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phone gap vs monotouch for data intensive app

We are looking to develop a data intensive application for mobile devices. Our central problem is

  1. We will have to store quite a lot of data on the client
  2. The client wants the app to work offline
  3. Our skill set is very much web development C# ASP.Net. Definitely not Objective C

We have thought of three possibilities for dev

  1. Web application using HTML5 local storage leveraging the offline application cache. We are on a 5MB limit for local storage but this might be down to 2.5MB for certain browsers

  2. Web application through PhoneGap to create a native app. Big advantage here is that we can use the file system for storage. The down side is that it will have to go through App Store (for iOS especially) - 30% chuck of revenue for a subscription app to Apple

  3. We build out the app using MonoTouch for Android and iOS. Good - C# and .Net we can do this. Bad - no Blackberry

Question

I'm struggling to see any genuine advantages of using MonoTouch over PhoneGap in this instance. What are they? Are they any?

As an example in this instance it would be really useful to save data onto the file system but I believe that phone gap can do this through the File object. Obviously monoTouch would leverage System.IO.

Is there instances where there is definite additional functionality in MonoTouch - particularly functions that are useful to mobile dev e.g. Geolocation or camera type functions?. Or does phone gap pretty much have all these covered.

Cheeky Additional Questions

Is there any other options I have missed or any other major advantages/disadvantages for the three approaches I have outlined that I have forgotten about?

Thanks for everyone's expertise

We have just finished a very data intensive app written in MonoTouch. The app accesses SAP data, through a middle tier, and exposes this on the app. It also allows direct updates from the app to SAP, again through the same middle tier.

We are in the process of porting this to Windows Phone and Android using MonoDroid.

It took me a while to convince the boss that MonoTouch was the way forwards, and we tried a few different products beforehand including jQuery mobile, ExtJS and Obj C.

The time I was trying to convince him was the time of the Attachmate acquisition and it looked, at times, like MonoTouch was doomed. Luckily for us (me), Xamarin rose like the proverbial Phoenix from the flames, and they have continued to develop Mono* to what it is today.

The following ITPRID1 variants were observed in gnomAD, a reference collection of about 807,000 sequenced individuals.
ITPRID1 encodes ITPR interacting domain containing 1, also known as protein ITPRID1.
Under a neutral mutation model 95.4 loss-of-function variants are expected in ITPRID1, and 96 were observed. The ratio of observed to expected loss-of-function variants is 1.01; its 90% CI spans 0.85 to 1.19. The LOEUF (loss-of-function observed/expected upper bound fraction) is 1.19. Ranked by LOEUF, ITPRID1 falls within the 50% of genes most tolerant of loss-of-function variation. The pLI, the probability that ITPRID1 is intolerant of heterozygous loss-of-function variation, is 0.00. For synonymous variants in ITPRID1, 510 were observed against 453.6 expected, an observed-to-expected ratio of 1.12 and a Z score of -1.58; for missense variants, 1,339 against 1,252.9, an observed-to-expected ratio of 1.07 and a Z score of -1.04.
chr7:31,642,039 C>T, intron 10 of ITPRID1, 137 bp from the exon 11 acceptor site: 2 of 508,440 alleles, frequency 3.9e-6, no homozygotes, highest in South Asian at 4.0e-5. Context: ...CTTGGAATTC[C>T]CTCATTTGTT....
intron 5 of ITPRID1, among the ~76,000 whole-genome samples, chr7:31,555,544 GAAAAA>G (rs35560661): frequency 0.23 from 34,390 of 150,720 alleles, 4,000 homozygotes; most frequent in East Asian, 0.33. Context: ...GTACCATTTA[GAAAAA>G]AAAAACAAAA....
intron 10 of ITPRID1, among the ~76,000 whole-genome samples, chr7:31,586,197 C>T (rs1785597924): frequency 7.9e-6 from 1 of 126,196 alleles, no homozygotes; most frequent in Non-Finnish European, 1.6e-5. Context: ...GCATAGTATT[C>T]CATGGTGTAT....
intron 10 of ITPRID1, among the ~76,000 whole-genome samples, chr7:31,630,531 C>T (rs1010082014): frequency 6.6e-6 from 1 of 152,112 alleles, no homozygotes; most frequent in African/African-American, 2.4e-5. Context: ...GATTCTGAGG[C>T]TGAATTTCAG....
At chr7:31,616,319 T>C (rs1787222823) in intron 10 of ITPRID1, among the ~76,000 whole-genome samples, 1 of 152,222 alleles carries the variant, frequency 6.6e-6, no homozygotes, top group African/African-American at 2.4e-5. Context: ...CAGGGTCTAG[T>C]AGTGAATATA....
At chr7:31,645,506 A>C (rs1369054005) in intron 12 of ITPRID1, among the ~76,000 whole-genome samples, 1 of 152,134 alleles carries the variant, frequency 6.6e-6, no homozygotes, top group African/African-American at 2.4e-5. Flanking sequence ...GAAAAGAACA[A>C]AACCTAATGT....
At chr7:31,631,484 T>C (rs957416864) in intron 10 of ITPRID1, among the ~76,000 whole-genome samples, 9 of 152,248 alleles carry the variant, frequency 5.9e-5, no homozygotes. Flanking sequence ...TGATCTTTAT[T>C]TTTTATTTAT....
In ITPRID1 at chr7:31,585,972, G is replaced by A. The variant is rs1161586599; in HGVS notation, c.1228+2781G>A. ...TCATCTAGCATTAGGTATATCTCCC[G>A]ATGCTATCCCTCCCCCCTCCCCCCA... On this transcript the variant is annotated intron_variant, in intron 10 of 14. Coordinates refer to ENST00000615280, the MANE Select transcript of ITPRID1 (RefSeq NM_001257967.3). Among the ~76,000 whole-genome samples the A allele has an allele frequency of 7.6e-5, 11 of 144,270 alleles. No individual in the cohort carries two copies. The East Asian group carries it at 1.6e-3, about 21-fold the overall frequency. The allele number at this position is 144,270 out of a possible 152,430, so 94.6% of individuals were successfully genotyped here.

As a C# developer (and Mono enthusiast) the main win over Obj C or any of the HTML/JavaScript was the fact that I could use C# to get the job done. The documentation was very good, and when the doco didn't quite cut it (recently been updated) the community did.

The IRC channel is very active, with Xamarin employees and community evangelists always willing to help or provide insight into a problem. As are the mailing lists.

Another plus are the Eco-systems which are growing around MT. MT.Dialog makes developing Table based UI's an absolute breeze compared to the XCode equivalent. Couple with this the .Net BCL which is, admittedly a subset based on Silverlight, but it has everything from Serialization, Email to Cryptography etc... If .Net doesn't cover it, or there isn't a specific Mono* project, you can still use ObjC plugins with your MT code.

I disagree that MT has 'yet to prove itself' as a proven platform. We are using it, and whilst we are a relatively small company, there are lots of larger companies also using it. A few of the apps showcased by Apple in the TV ads here in Aus are, reportedly, written in MT.

In order to remain objective, the 2 'cons' of MonoTouch for me have been that you still need to be able to read ObjC (though, tbh, I don't see this as a con... As a 'C#' developer I have to be able to read and write a plethora of languages anyway) and the fact that, historically, MonoDevelop has been a bit buggy. The major bugs appear to have been squashed and, with it being an open source project, you can always fix them and help the rest of us!

To answer your concerns:

  1. We will have to store quite a lot of data on the client

Use the System.IO classes of .Net in C#. If you are unsure of these, MSDN has oodles of examples (MT hides the iOS implementation of file storage)

  1. The client wants the app to work offline

they can all do this, but a Native app is always going to feel better in my opinion.

  1. Our skill set is very much web development C# ASP.Net. Definitely not Objective C

MonoTouch is C# - play to your strengths and have an app in weeks, not months!

My 2 pennies! I would not hesitate to choose the same route again, again and again.

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